Chinese property stocks tumbled to close at the lowest level in 14-years, as weak home sales and rising debt woes for major developers deepened.
(Bloomberg) — Chinese property stocks tumbled to close at the lowest level in 14-years, as weak home sales and rising debt woes for major developers deepened.
A Bloomberg Intelligence gauge of developer shares fell 2.5% Wednesday, with China Evergrande Group and Times China Holdings Ltd. leading the decline. The gauge has plunged 44% so far this year, outpacing major benchmarks onshore and in Hong Kong.
Pressure is mounting after Country Garden Holdings Co., China’s former top builder, signaled it is headed for a first-ever default as a grace period to meet an interest-payment deadline ends. Weak property investment and sales, which was a laggard during an otherwise upbeat Chinese economic data release, highlights the need for stronger measures to contain an unprecedented housing crisis.
“The market is turning more bearish with Country Garden’s potential dollar bond default,” said Patrick Wong, a Bloomberg Intelligence analyst. The future of the industry “really depends on any further easing measures to support the housing market.”
Country Garden, which is at the center of China’s property crisis, must pay $15.4 million coupon on a dollar bond by the end of a 30-day grace period Oct. 17-18 or a default can be called. The company hasn’t clarified which day marks the official end of the period, given the initial missed deadline of Sept. 17 fell on a Sunday.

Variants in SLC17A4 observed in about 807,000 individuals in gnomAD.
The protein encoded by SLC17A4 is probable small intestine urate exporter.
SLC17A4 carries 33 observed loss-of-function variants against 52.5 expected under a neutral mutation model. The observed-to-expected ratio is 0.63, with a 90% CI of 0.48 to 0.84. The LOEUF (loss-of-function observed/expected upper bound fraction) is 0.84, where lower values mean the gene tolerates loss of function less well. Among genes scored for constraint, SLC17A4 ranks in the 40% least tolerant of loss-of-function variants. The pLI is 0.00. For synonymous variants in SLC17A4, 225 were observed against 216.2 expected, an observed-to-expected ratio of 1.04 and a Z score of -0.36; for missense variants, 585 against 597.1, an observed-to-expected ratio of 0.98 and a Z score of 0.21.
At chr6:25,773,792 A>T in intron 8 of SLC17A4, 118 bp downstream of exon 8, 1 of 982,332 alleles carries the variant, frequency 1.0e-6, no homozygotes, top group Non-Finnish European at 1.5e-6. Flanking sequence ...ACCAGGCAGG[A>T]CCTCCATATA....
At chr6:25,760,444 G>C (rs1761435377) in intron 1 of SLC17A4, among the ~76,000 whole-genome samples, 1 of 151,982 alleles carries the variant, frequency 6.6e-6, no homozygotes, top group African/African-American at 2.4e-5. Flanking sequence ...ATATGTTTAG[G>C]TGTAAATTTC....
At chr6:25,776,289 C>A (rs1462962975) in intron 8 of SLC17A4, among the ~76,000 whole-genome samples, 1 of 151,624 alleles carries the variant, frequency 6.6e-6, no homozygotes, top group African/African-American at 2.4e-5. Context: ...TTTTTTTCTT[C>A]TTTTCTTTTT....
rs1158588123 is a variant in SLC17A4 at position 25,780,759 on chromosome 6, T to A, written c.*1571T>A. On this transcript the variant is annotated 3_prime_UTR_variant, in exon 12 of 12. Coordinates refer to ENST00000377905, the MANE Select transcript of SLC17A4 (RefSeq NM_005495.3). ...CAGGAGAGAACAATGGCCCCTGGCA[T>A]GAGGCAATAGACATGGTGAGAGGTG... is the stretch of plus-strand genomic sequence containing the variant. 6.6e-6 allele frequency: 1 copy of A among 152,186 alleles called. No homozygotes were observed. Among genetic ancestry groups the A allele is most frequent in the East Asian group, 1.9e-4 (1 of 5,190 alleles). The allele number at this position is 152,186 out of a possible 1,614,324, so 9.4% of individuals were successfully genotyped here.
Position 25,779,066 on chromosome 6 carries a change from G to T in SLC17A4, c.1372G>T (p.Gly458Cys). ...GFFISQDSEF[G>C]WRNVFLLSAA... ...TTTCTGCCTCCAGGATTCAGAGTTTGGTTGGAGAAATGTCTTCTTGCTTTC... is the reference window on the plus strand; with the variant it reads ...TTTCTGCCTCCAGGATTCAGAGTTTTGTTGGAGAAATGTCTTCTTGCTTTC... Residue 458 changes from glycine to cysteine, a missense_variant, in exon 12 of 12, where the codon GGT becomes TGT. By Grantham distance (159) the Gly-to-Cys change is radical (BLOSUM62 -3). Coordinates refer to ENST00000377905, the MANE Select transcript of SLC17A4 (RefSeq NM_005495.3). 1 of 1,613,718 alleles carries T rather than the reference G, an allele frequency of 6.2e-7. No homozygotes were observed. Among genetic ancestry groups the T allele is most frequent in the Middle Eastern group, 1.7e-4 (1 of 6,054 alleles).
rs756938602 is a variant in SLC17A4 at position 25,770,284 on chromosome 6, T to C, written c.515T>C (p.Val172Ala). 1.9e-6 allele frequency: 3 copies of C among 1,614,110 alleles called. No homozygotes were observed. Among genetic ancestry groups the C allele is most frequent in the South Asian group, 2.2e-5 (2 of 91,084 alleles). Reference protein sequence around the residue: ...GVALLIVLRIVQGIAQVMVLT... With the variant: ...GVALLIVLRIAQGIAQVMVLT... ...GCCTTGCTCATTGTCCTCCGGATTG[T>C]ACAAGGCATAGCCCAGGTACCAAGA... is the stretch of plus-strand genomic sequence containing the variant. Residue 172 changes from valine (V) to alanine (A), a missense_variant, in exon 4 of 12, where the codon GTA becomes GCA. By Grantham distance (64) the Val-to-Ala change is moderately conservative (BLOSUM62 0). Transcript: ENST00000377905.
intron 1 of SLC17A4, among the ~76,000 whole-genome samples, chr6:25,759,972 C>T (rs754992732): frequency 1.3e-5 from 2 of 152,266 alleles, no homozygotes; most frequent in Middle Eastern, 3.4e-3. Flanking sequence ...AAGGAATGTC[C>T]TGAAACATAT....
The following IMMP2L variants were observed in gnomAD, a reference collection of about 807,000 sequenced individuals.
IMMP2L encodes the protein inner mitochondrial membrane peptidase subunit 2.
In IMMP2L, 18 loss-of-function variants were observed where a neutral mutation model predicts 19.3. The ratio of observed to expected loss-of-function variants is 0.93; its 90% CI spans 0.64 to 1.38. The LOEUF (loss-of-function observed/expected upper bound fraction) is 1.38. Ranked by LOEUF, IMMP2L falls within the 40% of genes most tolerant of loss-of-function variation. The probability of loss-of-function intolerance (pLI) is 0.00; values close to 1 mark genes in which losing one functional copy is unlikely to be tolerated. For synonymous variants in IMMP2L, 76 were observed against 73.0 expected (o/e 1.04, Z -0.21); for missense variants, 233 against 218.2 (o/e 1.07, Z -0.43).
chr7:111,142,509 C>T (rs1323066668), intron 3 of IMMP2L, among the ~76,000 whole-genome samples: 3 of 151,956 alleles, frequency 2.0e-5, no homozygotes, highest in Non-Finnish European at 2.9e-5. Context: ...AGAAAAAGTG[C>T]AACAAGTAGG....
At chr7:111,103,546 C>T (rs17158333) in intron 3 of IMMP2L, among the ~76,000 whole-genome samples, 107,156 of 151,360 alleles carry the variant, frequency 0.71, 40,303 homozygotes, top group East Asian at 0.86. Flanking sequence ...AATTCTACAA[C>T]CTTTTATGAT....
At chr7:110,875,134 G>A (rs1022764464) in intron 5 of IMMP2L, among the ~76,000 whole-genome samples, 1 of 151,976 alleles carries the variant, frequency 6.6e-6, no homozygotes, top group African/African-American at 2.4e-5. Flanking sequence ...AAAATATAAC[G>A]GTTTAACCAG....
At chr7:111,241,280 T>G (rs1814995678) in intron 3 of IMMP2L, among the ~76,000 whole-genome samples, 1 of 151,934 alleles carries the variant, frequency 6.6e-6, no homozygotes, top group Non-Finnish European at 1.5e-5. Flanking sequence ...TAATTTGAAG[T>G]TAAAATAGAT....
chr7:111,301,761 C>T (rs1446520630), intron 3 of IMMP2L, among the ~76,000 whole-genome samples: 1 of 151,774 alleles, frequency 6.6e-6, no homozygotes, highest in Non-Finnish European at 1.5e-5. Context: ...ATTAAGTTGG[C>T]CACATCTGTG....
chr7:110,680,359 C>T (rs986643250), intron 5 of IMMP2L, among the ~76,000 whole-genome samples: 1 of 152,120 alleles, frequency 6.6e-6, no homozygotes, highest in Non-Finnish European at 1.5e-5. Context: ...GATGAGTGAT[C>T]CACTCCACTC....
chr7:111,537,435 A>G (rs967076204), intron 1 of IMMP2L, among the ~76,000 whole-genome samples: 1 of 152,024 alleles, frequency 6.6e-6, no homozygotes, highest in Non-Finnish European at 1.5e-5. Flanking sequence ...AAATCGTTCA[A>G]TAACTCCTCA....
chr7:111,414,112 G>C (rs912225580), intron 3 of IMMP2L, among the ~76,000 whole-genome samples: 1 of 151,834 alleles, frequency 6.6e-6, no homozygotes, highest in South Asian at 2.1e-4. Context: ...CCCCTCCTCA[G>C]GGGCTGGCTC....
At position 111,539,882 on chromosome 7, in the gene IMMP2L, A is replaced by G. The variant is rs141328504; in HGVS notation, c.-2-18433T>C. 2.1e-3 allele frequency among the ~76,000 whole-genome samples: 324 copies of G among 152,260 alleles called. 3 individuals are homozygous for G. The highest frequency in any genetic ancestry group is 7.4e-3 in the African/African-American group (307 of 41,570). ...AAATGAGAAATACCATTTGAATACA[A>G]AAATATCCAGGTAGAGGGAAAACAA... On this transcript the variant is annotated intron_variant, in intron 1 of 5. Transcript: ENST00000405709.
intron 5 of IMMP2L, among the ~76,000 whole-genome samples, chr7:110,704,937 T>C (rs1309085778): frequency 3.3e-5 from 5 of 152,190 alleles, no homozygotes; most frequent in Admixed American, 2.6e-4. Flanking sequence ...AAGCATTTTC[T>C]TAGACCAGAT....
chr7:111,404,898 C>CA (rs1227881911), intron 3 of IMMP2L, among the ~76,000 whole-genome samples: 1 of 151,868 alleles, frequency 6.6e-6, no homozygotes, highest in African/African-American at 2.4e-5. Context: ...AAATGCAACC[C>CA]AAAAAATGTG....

Meantime, Evergrande faces the once-unthinkable possibility of asset liquidation on Oct. 30 when a key court hearing takes place. A ruling to wind up the firm would wreak havoc on the struggling real estate giant that’s trying to finalize a restructuring plan to pay back creditors.
Latest data showed that China’s property slump remained a drag on the economy in September despite several steps taken by authorities in recent months to bolster the sector.
Property investment, a key driver of economic activity, contracted 9.1% in January-September from a year ago, a bigger drop than the 8.8% decline in the first eight months of the year. Home sales continued to slide, falling 3.2% year-to-date, while construction of new homes plunged almost 24% in the period.
In more bad news for cash-strapped builders, funding for property development dropped 13.5% on-year in the first nine months, after plunging 12.9% in the January-August period.
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